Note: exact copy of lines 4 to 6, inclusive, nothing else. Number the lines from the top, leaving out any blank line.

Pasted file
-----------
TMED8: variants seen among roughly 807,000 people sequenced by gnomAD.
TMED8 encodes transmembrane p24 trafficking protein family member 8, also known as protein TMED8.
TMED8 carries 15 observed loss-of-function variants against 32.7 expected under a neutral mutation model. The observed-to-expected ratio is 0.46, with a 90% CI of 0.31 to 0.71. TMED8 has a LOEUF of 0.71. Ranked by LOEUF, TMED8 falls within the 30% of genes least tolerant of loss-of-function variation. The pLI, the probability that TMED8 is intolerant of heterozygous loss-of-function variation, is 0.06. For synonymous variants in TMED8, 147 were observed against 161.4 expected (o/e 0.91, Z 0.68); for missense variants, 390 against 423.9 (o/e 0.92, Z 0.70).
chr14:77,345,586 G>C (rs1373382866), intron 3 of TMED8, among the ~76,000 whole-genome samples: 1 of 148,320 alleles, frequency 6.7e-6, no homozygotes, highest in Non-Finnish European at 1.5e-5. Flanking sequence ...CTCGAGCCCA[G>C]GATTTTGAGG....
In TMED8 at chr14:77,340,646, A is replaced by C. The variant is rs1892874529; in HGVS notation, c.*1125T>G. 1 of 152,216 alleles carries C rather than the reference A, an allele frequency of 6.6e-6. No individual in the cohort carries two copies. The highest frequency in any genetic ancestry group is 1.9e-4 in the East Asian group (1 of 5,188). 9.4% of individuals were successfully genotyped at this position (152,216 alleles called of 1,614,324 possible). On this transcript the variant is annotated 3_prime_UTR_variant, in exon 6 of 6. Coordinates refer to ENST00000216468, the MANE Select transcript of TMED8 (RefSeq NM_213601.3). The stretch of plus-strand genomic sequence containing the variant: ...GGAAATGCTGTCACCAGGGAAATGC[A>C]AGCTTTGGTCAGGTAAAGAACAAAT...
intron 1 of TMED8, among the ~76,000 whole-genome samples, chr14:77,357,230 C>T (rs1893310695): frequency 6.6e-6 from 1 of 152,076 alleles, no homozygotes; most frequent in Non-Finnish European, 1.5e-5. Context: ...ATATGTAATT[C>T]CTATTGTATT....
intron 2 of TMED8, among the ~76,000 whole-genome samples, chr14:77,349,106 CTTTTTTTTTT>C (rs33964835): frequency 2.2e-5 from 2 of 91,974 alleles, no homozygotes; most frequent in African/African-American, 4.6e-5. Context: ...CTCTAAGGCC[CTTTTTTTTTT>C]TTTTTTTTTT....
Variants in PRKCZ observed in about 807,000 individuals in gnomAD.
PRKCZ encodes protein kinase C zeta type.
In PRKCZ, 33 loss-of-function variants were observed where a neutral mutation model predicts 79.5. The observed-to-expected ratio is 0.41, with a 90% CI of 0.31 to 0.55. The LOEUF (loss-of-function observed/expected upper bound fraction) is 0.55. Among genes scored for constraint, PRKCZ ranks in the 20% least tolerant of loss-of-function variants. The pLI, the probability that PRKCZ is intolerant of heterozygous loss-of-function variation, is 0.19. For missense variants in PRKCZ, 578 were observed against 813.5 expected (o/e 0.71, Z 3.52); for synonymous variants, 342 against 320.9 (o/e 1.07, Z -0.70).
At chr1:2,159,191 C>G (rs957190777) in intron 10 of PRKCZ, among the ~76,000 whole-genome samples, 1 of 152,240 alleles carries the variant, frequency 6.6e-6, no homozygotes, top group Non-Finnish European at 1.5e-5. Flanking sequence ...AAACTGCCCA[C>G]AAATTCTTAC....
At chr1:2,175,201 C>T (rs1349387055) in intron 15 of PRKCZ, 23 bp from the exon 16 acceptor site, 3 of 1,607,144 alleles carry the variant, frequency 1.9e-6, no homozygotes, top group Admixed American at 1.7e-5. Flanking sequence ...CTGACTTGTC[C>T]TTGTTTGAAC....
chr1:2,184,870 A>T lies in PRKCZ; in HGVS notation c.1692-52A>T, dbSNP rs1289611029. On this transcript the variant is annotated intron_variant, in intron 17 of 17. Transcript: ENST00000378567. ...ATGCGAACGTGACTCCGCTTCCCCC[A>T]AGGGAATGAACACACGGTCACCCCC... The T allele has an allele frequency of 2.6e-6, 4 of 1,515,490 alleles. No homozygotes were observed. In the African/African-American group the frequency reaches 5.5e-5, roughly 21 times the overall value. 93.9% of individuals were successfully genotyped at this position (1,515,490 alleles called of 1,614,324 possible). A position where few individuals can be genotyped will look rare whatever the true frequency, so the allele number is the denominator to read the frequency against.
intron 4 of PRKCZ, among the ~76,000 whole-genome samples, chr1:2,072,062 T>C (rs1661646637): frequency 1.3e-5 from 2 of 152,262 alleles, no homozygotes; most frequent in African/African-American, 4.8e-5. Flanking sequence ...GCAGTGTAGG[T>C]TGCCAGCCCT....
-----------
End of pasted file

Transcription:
chr14:77,345,586 G>C (rs1373382866), intron 3 of TMED8, among the ~76,000 whole-genome samples: 1 of 148,320 alleles, frequency 6.7e-6, no homozygotes, highest in Non-Finnish European at 1.5e-5. Flanking sequence ...CTCGAGCCCA[G>C]GATTTTGAGG....
In TMED8 at chr14:77,340,646, A is replaced by C. The variant is rs1892874529; in HGVS notation, c.*1125T>G. 1 of 152,216 alleles carries C rather than the reference A, an allele frequency of 6.6e-6. No individual in the cohort carries two copies. The highest frequency in any genetic ancestry group is 1.9e-4 in the East Asian group (1 of 5,188). 9.4% of individuals were successfully genotyped at this position (152,216 alleles called of 1,614,324 possible). On this transcript the variant is annotated 3_prime_UTR_variant, in exon 6 of 6. Coordinates refer to ENST00000216468, the MANE Select transcript of TMED8 (RefSeq NM_213601.3). The stretch of plus-strand genomic sequence containing the variant: ...GGAAATGCTGTCACCAGGGAAATGC[A>C]AGCTTTGGTCAGGTAAAGAACAAAT...
intron 1 of TMED8, among the ~76,000 whole-genome samples, chr14:77,357,230 C>T (rs1893310695): frequency 6.6e-6 from 1 of 152,076 alleles, no homozygotes; most frequent in Non-Finnish European, 1.5e-5. Context: ...ATATGTAATT[C>T]CTATTGTATT....